PLACES OF INTEREST
Caldera de Taburiente crater
Extending over 4,690 hectares, the Caldera de Taburiente National Park is an enormous crater 8 km in diameter which was carved out over thousands of years by a process of erosion.
The steep slopes mark landscapes colonised by Canary Islands pine and fed by the constant flow of water from its springs and galleries, which give rise to numerous waterfalls.
The steep cliffs are the keepsafe of geological secrets such as the pillow lava which form part of the ancient basal rock strata, basalt dykes, outcrops and ancient shafts.
When you visit the interior of this protected area, the sky is high above and you feel as though consumed by this place where time passes slowly.
Descending from the mountaintops towards El Paso, you come across a modern building which houses the Caldera de Taburiente visitors’ centre. It is a reference centre for visitors who want to find out all kinds of information about the National Park. This is where camping permits are issued and information is available on different trips around the park.
Information on geology, flora and fauna is provided with pictures which explain, in a practical and educational manner, how the island was formed and which species form part of the ecosystems in this protected area. There is a charming little library and souvenir shop in the centre.
La Cumbrecita scenic viewpoint
Beside the visitors’ centre is the turn off for the scenic lookout of Mirador de La Cumbrecita. This lookout with its excellent views of the Caldera Park receives many visitors as you can get there by car.
From there a trail leads up to Lomo de Las Chozas, a natural balcony with panoramic views of the bluish cliffs at the bottom of Barranco de Las Angustias. Magnificent basalt needles jut up into the sky and in the distance in the middle of the pine the outline of Roque Idafe is visible. This was a sacred place for the ancient Awaras where the entrails of animals were offered up to the rock in order that it would not fall and destroy their culture.
The Pine of the Virgin
Between the mountaintops that protect El Paso from the north winds and the summit of Pico Bejenado, the local people see the silhouette of a great sleeping giant. At his feet lie broad expanses of landscape with forgotten cultivated areas, old livestock tracks and heaps of stone between the almond and chestnut trees.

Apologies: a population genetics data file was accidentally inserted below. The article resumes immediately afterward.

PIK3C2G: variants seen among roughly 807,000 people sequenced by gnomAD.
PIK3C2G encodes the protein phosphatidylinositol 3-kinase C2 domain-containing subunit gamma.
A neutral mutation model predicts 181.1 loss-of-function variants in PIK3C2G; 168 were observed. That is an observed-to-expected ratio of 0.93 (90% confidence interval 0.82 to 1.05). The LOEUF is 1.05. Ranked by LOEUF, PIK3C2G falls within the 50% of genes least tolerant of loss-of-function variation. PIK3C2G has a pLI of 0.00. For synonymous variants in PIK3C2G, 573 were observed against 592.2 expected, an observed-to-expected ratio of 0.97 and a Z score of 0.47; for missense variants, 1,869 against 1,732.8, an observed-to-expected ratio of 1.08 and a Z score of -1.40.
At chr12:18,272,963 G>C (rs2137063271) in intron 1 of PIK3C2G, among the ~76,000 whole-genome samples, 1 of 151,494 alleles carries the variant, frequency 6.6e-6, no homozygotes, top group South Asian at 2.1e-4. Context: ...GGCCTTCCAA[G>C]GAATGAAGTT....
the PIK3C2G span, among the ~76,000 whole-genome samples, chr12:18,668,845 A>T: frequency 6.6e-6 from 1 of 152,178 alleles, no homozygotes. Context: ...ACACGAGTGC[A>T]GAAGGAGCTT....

It often happens in this place that a huge wave of humid clouds spills out over the relief of this warmer slope which dries them causing them to disappear.
El Paso is described as a place with impossible mountains where one day Our Lady is said to have appeared in a large pine tree. The conifer served as a sanctuary for her and gave the virgin her name. The modest chapel was built in 1876 and it is said that during the construction a branch of the great tree was cut and spilled blood. The greatness of this tree was much revered and today it stands as one of the oldest trees of its kind in the island.
La Fajana Rock-carvings
Descending by Hermosilla along a narrow roadway which runs between El Paso and Los Llanos, we come across the turn off to La Fajana. A sacred space for the Awaras who, with great dedication and difficulty, carved the hard basalt. Solar forms can be seen in the carvings; the sun was known as Abora that lit up the sky each day. The cave paintings are situated at the edge of the cliff, their original forms display the sunset and the rituals carried out by these native people to the gods of nature.
San Juan Volcano
Over a period of thousands of years the volcanoes have carved out the profile of the island of La Palma. The rugged and wild beauty of the volcanic landscape has left a deep impression on the municipality of El Paso. Here there were eruptions such as those of Tacande, Tajuya, El Charco and San Juan. All of them form part of the Cumbre Vieja Nature Park which extends over 7,500 hectares.
The molten materials hurled out from the craters spilled out over the countryside where earth tremors, clouds of smoke, forest fires, ash rain, intense smells of sulphur, and collective panic are symptoms that a volcano is active. This is how the people who trembled with fear remember the eruption of San Juan in 1949. Its black lava spilled down the mountainside increasing the size of the island by a few hectares in Las Hoyas and Puerto Naos.
Chapel of Nuestra Señora de Bonanza
The Bejenado massif majestically overlooks the town of El Paso, with its country houses and gardens preserved in the traditional style. Like a great needle jutting up into the sky is the tower of the recently built church which is close to the chapel of Nuestra Señora de Bonanza.
This unique and beautiful sanctuary deserves a special mention for the very detailed work in the geometric designs on the walls. The architectural style is repeated in the façade of the small open balcony above the doorway. Three bells are housed in the belfry high up on the top of this unique building.
Inside, rafters reinforce the roofs that give shelter to the Virgin of Bonanza. The plaza which surrounds the chapel is decorated with colourful flowers during the festival of the Sagrado Corazón in June.
El Pilar Refuge
Located between pine woods and laurel forests, this place is popular as a large recreation area where the island people come to spend the weekend with their families. There is a recreation park here where you can light a fire and cook, there is also drinking water and toilets and camping is allowed.
Many visitors park their cars in the area and go hiking. The Pico Birigoyo summit at 1,808 m is located beside the refuge and is the first cone of the large chain of volcanoes that emerge in the form of a ridge in the inappropriately named Cumbre Vieja or old summit. From the summit, Tenerife’s Mount Teide can be seen far off in the distance and the eye loses itself in the lava landscapes of the volcano trail below.
Copyright. Asociación para el Desarrollo Rural de la Isla de La Palma (ADER-La Palma).